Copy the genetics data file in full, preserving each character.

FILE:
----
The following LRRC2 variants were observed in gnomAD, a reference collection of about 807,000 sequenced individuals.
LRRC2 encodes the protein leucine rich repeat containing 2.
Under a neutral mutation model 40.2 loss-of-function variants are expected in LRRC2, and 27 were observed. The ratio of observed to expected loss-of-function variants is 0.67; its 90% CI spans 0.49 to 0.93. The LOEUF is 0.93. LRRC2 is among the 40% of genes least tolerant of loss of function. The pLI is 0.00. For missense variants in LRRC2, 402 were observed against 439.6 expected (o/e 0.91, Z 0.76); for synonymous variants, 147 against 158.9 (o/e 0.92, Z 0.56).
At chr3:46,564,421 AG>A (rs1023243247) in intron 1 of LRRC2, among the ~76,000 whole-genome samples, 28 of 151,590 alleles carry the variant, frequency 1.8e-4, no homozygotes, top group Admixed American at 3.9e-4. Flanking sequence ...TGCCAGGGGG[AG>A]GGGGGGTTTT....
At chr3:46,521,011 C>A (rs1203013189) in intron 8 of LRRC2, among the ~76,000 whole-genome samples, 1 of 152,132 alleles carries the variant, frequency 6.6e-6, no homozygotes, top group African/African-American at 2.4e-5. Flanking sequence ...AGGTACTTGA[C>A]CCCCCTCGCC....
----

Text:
The following LRRC2 variants were observed in gnomAD, a reference collection of about 807,000 sequenced individuals.
LRRC2 encodes the protein leucine rich repeat containing 2.
Under a neutral mutation model 40.2 loss-of-function variants are expected in LRRC2, and 27 were observed. The ratio of observed to expected loss-of-function variants is 0.67; its 90% CI spans 0.49 to 0.93. The LOEUF is 0.93. LRRC2 is among the 40% of genes least tolerant of loss of function. The pLI is 0.00. For missense variants in LRRC2, 402 were observed against 439.6 expected (o/e 0.91, Z 0.76); for synonymous variants, 147 against 158.9 (o/e 0.92, Z 0.56).
At chr3:46,564,421 AG>A (rs1023243247) in intron 1 of LRRC2, among the ~76,000 whole-genome samples, 28 of 151,590 alleles carry the variant, frequency 1.8e-4, no homozygotes, top group Admixed American at 3.9e-4. Flanking sequence ...TGCCAGGGGG[AG>A]GGGGGGTTTT....
At chr3:46,521,011 C>A (rs1203013189) in intron 8 of LRRC2, among the ~76,000 whole-genome samples, 1 of 152,132 alleles carries the variant, frequency 6.6e-6, no homozygotes, top group African/African-American at 2.4e-5. Flanking sequence ...AGGTACTTGA[C>A]CCCCCTCGCC....